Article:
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Summary:

Jonas Jacobi’s Kaazing is pushing forward a new protocol called web sockets. Rather than AJAX-type hacks to make web apps quick, web sockets are a full browser upgrade to better send and receive data between a web client and server.

Despite significant improvements to the responsiveness of web applications over the last few years, they remain hampered by the fact that web browsers can only communicate with servers over HTTP. “It’s as if everyone’s using fancy phones, but they’re still using ham radio to communicate with the server, where you have to hold the button down to talk,” is one metaphor Kaazing CEO Jonas Jacobi uses. He also described it as a kid on a car ride, asking, “Are we there yet? Are we there yet?” instead of just looking out the window to see whether they’ve arrived or not.

Jacobi relies on such metaphors because he’s trying to describe an as-yet-unseen paradigm shift in real-time web speed being pushed by his company, Mountain View, Calif.-based Kaazing, by way of a new protocol called web sockets. Rather than AJAX-type hacks to make web apps speedy, web sockets are a full browser upgrade to send and receive data between a web client and server simultaneously. That two-way communication is supposed to make web applications dramatically faster (and cheaper, too, because they require less infrastructure, says Jacobi). This could be super useful for things like chat, live event Twitter feeds and automatic lookup features like Google Suggest.

Kaazing’s team wrote the web sockets (aka TCP communications) proposal that was included nearly wholesale in HTML 5. Now, as it waits for browsers to implement web sockets (the latest Chrome version include it, and Mozilla is supposed to be next up), Kaazing is trying to build a business around real-time bi-directional communications. The company, founded in 2007 and privately funded (though raising venture capital now), already has customers in the financial services and gambling sectors — the kind where a difference of a split second on a site is material. Kaazing has built a web socket server and emulator so that users who visit web sites through older browsers can get a preview of what web sockets will provide.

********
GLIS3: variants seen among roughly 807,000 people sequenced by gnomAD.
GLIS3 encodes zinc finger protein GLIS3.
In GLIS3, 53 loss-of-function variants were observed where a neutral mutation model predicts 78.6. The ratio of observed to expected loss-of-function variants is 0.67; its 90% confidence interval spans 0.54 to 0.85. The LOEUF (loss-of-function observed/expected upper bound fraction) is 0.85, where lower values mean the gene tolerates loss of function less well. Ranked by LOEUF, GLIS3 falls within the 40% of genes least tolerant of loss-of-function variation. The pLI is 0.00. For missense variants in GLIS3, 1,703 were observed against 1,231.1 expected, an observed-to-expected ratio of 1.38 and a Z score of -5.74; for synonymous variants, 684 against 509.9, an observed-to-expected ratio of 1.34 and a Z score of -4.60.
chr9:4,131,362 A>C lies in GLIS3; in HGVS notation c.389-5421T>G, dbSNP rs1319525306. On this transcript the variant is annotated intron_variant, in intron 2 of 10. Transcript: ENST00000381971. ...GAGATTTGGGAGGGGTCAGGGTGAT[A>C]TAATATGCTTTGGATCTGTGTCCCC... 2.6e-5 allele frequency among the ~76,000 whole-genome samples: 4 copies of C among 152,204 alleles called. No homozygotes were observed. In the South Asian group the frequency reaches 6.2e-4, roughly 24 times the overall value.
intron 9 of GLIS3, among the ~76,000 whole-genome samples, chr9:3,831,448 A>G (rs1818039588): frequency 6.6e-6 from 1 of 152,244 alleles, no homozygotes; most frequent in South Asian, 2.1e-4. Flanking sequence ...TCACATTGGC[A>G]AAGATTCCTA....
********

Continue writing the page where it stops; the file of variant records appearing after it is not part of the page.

Jacobi recently came by our office for a video interview to explain some of these concepts in person and talk about Kaazing’s place in such an early market.

Related research from GigaOM Pro (sub req’d):

Report: The Real-time Enterprise

  1. This is supposed to work for those behind firewalls and HTTP proxies how?

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    1. WebSocket will pass through some firewalls/proxies, and as for the others… what are we supposed to do, just never improve the Web? At some point you have to move on.

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      1. We’re supposed to find a more compatible way to accomplish the same goal.

        AJAX may be “clunky” but it works, which is more than I can say for this without caveat.

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    2. Re. Proxy servers–while the HTML5 Web Socket protocol itself is unaware of proxy servers and firewalls, it features an HTTP-compatible handshake so that HTTP servers can share their default HTTP and HTTPS ports (80 and 443) with a WebSocket server.
      If a browser is configured to use a known or “explicit” proxy server then it will first issue an HTTP CONNECT method to that proxy server while establishing the WebSocket connection.
      In the case WebSocket traffic flows through an unknown “transparent” proxy server, the browser is unaware of the proxy server, so no HTTP CONNECT is sent. As a result, unencrypted connections (ws://) are likely to fail in practice today, but if an encrypted WebSocket Secure connection (wss://) is used, then, since the wire traffic is encrypted, intermediate transparent proxy servers may simply allow the encrypted traffic through, so there is a much better chance that the WebSocket connection will succeed if an encrypted WebSocket connection is used.

      Re. “AJAX may be “clunky” but it works” (I suppose you mean Ajax Polling or Comet solutions here)–Web Sockets provides a dramatic improvement from the “hacks” that are used to simulate a full-duplex connection in a browser. It reduces kilobytes of unnecessary header traffic data (for each poll to the server) to just 2 bytes and dramatically lowers latency.
      HTML5 Web Sockets is not just another incremental enhancement to conventional HTTP communications; it represents a huge advance, especially for real-time, event-driven web applications.
      It also “works” (today) in Google Chrome and will be in other browsers soon (WebKit/Firefox). On top of those improvements in native support, Kaazing (see article) provides a very fast, full emulation that works in all browsers.

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